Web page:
To continue to receive communications about issues that support access to quality mental health care,
Life Unlimited: Nikyra McCann
At 20 years old, I was hospitalized for one month and was diagnosed with bipolar disorder. I’ve had several other hospitalizations since then. I started noticing that I was having difficulties when I wasn’t sleeping or eating. Things that were normal to me became strange. This was a new experience for me, and I didn’t know where my life would go from there. At times I felt alone and there were times I didn’t think I would make it. My faith kept me alive and that is why I am here today.
I started my own business “Still Standing Enterprise” to bring awareness to mental illness—it has helped others smile and have joy in the midst of adversity. I have also shared my story on the news, in newspapers, and spoken at conferences. This work made me realize that though I battled this, it didn’t have to stop me. I love to help and inspire others through my story.
Having a mental illness has definitely been a journey. I maintain wellness by staying on track with school and by surrounding myself with my family and positive people who support and love me. I have also found support through care centers. When my family was there for me it made me feel loved and I felt as if I could get through this obstacle. I began to see a brighter day. I have learned that I am somebody, I am intelligent, and I can do anything I set my mind to. Wellness is an everyday step. It can be hard at times but in fact I am more than a conqueror. Having a mental illness doesn’t separate me from the world in fact it makes me stand out to change the world!
Parent and Caregiver Corner: Resolving to Care for Ourselves as We Care for Others
As a parent or caregiver of a child living with a mood disorder, you probably have put a great deal of time and energy into finding what treatment works for your loved one. You have probably spent a great deal of time researching treatment options, taking loved ones to therapy appointments – you have been there for them through all the ups and downs.
With the New Year underway, maybe you are also putting energy in the promise of a better year. You think through what has gone well in the past and hope those changes can stick. You fear regression and hard times ahead. The New Year is a natural time of reflection, what can we do better? Wherever you stand on resolutions, the refresh of the New Year calls us to consider what could be better.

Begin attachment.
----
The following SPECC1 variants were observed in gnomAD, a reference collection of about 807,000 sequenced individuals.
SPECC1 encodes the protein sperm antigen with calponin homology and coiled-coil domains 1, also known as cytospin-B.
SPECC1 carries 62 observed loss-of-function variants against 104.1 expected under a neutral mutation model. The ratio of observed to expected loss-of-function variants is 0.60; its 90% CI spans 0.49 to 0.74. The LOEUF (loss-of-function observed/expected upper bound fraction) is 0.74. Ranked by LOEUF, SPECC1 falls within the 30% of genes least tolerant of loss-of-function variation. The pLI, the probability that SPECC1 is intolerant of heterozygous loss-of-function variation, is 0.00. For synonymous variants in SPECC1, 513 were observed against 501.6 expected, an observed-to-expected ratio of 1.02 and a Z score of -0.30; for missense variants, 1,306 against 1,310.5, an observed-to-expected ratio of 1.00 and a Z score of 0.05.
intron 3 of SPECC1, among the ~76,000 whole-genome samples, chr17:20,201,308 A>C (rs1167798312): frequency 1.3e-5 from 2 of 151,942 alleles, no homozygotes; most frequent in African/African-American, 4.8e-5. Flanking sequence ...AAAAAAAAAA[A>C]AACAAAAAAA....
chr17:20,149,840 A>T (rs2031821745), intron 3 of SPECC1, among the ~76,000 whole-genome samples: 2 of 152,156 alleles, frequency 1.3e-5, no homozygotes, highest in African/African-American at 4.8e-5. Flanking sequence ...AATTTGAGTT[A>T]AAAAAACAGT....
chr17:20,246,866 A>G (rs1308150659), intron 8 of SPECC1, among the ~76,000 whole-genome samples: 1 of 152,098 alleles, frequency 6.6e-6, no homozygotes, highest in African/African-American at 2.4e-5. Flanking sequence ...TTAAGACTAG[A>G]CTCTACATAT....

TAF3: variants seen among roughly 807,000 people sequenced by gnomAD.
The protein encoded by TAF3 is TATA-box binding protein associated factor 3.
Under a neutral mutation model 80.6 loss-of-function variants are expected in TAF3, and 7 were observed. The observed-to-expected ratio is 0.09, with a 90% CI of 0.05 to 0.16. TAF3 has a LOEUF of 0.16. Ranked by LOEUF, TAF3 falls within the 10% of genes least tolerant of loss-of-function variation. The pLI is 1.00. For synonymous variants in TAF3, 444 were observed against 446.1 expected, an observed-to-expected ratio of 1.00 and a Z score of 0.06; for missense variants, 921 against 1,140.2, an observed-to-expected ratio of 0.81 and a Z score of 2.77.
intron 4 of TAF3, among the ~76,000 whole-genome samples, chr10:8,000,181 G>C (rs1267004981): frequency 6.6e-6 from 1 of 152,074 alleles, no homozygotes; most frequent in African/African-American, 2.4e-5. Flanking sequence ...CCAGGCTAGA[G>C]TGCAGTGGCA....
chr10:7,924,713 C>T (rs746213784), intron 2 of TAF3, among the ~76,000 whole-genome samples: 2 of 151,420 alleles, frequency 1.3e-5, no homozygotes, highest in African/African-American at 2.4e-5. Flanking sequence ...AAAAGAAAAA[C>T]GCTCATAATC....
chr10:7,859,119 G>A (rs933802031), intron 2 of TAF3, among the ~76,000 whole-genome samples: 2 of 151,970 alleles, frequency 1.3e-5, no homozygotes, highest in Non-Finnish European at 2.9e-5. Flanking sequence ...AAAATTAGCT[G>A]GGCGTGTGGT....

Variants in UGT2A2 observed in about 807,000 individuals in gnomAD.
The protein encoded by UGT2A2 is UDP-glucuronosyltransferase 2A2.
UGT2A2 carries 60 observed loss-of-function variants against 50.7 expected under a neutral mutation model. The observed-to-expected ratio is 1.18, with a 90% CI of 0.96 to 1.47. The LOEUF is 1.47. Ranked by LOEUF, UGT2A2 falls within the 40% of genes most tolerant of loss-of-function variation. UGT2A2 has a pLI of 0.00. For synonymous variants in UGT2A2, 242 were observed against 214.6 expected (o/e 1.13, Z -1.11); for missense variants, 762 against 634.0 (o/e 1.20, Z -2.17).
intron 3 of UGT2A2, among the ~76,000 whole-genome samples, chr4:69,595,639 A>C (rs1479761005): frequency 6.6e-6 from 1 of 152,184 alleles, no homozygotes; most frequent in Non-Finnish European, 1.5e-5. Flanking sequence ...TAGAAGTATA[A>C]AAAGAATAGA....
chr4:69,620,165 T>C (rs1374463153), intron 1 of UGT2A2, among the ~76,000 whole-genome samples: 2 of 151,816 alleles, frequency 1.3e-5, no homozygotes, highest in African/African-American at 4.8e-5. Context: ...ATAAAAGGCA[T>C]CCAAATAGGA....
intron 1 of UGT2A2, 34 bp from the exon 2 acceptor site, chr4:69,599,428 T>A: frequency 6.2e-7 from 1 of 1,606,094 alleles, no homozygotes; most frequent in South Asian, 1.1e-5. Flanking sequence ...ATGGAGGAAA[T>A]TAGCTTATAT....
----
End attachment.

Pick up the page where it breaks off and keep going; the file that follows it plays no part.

In 2018, DBSA with the Milken Institute surveyed peers and their caregivers. An interesting finding from this survey was that 92% of caregivers reported that they too experienced mood disorder symptoms. This finding emphasizes the importance of caregivers considering how they are caring for themselves, as they care for others.
As you reflect on hope for the New Year, think of ways in which you can continue your own wellness practices and integrate new ones into your life. Here are some ideas to get you started-
- Create a Dedicated Time, just for you! With the demands of family life finding time can be challenging. Set a dedicated time for yourself. Whether it is an hour a week or fifteen minutes a day, find some time that is reserved for reflecting and caring for yourself.
- Join a Support Group, finding support groups for friends and families can provide an environment where you can interact with people who have experienced similar circumstances as you. DBSA has both in-person and online support groups that serve friends and family members. DBSA Online Support Groups and DBSA Support Groups.
- Review Your Bucket List, whether you have an actual bucket list or not, what are some big goals you have that you can tackle this year? Whether it is travel, participating in a marathon, creating art—what are some things you can prioritize to make this year meaningful?
- Find Support with Balanced Mind Parent Network, DBSA’s Balanced Mind Parent Network is an online community for parents raising children that live with mood disorders. Support from parents who are experiencing similar situations can be an essential part of your plan for wellness. DBSA’s Balanced Mind Parent Network.
Ask the Doc
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Facilitator Training prepares 131 Facilitators in 5 weeks
DBSA Chapters have been busy getting increased numbers of facilitators prepared for their groups. DBSA conducted a Chapter and State Organization survey in August 2019 to see where chapter and state organizations’ pain points were. The number one priority set by the feedback of this survey was revised facilitator materials and trainings. DBSA Chapter Relations staff revised the written materials and created a revised training plan, but funding was necessary to get the training to the chapters and state organizations.
Thanks to a grant received from Janssen Pharmaceutical Companies of Johnson & Johnson, DBSA was able to close out 2019 with 131 newly trained or refreshed facilitators in Northern and Southern California, Georgia, Massachusetts, New Mexico, New York, Ohio, Oregon, Tennessee, and West Virginia within a
5-week period. More facilitator trainings will be held in 2020.
Contact Chapters@dbsalliance.org for more information.
Note from Michael
I was recently listening to a story on NPR on how to talk to your children about sex. The overall premise was on the importance of making those awkward topics of conversation more “talkable”. As I listened, I realized what the story was really about was reducing the stigma and discomfort around a topic of conversation that we as a culture often prefer to avoid.
The same can be said with respect to conversations related to mental health, whether we’re talking with a child or an adult. Through my interactions with many people living with a mood disorder and other related experiences, I’ve come to appreciate that the stigma related to discussing sex applies to mental health too. Stigma makes it difficult for many of us to be clear and honest about our lived experiences, whether that’s as a peer or family member or friend. It places barriers between us and covers us with shame.